Ahmadi, who has been a judge in a number of Iranian literary prizes, was born in the southern city of Kerman in 1972. She studied architecture at Tehran University and worked as an architect for some years before dedicating herself to writing. Her first collection of short stories, Everybody’s Sara, was published in 2004 and she has written two novels: The Forgetful Angel and The Cheese Jungle.

“The eight years under Mahmoud Ahmadinejad was a real catastrophe,” she says. “A lot of books did not get permission for being printed, a lot of books had permission but they were blocked from being reprinted. In the past four years under Rouhani a lot of books managed to get permission, get printed, for many writers they finally succeeded to publish their work.”

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Nobel Laureates speak out for jailed Turkish writers

Nobel laureates and other writers have issued a message of solidarity to Turkish colleagues who have been jailed as part of what they call a “heavy-handed” crackdown against free expression.

Close to 150 writers and journalists are in prison in Turkey, several jailed as the government embarked on a massive clampdown on a network linked to a US-based Muslim cleric blamed for Turkey’s failed coup in July. The crackdown later extended to other government opponents.

Nobel laureates, including Elfriede Jelinek and JM Coetzee, and other high-profile authors vowed today not to remain silent “while your human rights are violated.” Read more


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An Open Letter to the PM of Pakistan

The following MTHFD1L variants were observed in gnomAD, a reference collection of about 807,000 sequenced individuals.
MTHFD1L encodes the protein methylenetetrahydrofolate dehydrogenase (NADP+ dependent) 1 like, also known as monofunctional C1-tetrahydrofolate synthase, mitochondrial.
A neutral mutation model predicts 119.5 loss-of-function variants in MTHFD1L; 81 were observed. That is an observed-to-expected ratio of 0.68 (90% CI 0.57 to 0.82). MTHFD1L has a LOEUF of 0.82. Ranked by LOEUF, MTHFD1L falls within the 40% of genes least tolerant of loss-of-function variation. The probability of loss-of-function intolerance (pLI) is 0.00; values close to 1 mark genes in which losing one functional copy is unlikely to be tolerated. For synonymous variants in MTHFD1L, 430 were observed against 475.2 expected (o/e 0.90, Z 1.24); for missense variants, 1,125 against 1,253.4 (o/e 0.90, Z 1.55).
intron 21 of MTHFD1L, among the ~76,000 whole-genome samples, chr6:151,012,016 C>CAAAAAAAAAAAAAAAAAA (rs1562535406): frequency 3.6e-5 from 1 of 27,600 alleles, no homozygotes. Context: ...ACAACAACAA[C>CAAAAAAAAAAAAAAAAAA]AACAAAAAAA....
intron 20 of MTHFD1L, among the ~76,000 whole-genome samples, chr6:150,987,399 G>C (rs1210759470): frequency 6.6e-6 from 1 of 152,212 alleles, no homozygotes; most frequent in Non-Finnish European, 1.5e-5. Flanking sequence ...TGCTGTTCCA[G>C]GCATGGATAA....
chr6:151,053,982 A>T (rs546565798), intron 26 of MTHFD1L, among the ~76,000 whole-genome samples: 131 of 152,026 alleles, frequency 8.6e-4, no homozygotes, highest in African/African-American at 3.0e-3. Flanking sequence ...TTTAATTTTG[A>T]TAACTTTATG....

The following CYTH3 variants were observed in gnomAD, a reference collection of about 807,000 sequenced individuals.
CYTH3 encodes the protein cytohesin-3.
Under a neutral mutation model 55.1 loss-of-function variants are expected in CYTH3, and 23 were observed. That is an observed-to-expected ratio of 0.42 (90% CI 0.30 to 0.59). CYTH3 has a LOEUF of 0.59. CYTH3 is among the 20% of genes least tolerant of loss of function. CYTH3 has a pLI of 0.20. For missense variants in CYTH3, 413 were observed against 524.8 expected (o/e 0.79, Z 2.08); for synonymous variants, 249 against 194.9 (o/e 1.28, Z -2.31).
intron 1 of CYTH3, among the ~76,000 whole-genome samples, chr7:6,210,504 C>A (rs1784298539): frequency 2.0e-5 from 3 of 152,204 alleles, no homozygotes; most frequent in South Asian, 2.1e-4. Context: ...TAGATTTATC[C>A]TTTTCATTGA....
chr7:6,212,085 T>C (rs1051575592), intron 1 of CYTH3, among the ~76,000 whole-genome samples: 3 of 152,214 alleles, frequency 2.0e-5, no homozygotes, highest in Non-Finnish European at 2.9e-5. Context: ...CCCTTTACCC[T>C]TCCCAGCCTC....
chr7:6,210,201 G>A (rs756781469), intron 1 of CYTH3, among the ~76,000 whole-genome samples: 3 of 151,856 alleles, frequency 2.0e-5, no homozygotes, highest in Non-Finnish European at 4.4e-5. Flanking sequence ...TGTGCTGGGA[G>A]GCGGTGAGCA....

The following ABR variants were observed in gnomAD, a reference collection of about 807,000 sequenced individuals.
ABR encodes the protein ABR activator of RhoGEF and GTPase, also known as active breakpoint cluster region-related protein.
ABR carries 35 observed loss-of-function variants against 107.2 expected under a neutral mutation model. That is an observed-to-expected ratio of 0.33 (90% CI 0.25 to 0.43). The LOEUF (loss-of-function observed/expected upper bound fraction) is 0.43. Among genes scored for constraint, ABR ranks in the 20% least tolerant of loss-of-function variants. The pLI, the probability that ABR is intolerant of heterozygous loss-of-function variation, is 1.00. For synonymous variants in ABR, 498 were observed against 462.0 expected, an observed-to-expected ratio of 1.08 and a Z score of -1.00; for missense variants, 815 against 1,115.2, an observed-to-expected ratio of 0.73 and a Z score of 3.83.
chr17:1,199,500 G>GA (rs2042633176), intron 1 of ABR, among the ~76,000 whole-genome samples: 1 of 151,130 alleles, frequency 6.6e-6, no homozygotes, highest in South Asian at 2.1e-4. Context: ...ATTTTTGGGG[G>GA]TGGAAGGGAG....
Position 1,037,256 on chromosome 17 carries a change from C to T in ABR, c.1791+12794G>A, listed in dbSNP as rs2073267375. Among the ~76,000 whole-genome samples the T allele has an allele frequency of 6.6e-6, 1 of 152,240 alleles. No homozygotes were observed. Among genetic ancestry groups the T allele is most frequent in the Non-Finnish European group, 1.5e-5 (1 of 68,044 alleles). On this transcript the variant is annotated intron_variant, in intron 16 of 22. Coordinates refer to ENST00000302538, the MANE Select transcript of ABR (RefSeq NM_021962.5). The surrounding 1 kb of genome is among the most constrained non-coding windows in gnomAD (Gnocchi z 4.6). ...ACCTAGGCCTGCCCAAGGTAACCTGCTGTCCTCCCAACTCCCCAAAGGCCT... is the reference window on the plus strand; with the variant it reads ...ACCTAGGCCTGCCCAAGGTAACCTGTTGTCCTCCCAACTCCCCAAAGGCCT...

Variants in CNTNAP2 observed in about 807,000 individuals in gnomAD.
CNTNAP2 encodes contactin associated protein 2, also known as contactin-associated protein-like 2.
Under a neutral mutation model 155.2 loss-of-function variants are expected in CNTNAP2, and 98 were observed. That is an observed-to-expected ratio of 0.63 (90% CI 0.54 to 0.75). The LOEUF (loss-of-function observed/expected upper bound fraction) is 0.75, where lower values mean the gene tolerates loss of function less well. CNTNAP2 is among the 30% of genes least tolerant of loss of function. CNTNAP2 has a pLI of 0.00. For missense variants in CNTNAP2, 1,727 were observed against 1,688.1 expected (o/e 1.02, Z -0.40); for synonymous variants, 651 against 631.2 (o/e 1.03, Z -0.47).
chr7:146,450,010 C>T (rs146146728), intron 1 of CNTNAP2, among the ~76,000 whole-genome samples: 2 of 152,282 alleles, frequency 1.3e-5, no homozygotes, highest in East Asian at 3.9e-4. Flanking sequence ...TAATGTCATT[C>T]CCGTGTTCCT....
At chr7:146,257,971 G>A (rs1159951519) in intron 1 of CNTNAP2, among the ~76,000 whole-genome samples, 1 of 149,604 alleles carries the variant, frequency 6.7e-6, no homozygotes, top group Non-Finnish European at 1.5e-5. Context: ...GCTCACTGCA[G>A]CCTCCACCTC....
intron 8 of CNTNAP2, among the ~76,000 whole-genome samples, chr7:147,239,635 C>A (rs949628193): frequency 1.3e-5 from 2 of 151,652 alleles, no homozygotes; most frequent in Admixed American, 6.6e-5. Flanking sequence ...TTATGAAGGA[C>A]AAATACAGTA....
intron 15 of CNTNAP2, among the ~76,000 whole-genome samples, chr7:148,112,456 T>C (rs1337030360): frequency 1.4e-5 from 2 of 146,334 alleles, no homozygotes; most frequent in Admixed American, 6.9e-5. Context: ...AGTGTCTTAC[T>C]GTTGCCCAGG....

From: Rahman Abbas

Mumbai, India

20/1/2017

 

To,

Mr. Prime Minister of Pakistan

Mian Nawaz Sharif

SUBJECT:  Appeal to ensure the safety and release of missing poet and bloggers.

Dear Sir,

I’m an Indian Urdu novelist and a person who has spoken against fanatic elements of my own country who indulge in activities against the principles of democracy and secularism. I have also protested against groups of fundamentalists accused of killing writers and critics of rotten religious practices in our country. Additionally, I am one among the Indian writers who returned their respective awards as a symbolic protest against fundamentalism and intolerance.

With this brief introduction about my concern for principles of secularism and the creative fraternity, I am drawing your attention towards the missing poet and bloggers in your country. Since Pakistan is a wonderful country that cherishes democracy, a country where human dignity and freedom of thought is revered and valued, it is saddening that poets and writers have been made to disappear. Sir, I needn’t say that it is a serious threat to what you stand for i.e. freedom of thought and freedom of dissent. I have witnessed that you take a stand for rights of minorities in your country and value contribution of writers and poets.

Sir, it is true that one can disagree with someone’s views on social changes and reforms, but in that case, we have laws and legal processes to punish people who hurt the emotions of others or use offensive language. But there is no situation in which silencing of thinkers and disappearance of a person would be acceptable as it is against the basic principles of Islam and democracy. Sir, you must be aware of the “mysteriously” missing poet and academicians Salman Haider, Waqas Goraya, Aasim Saeed, Ahmed Raza Naseer and Samar Abbas, and must have also felt the pain of the families of these young minds.

Sir, on Thursday 19th January, the Interior Minister of Pakistan Chaudhury Nisar Ali Khan had also taken note of the matter and stated that there was an ongoing negative propaganda on social media against the bloggers. The Interior Minister has also stated on 10th January that he was in contact with intelligence agencies and was hopeful of finding Salman Haider. However, the disappointment is increasing with every passing day. Hence your intervention is needed in the safe and sound recovery of all human rights and social activists.

Sir, I’m appealing to you to look into this critical matter with personal interest and ensure the safety of people who want Pakistan to be a true democratic and secular nation.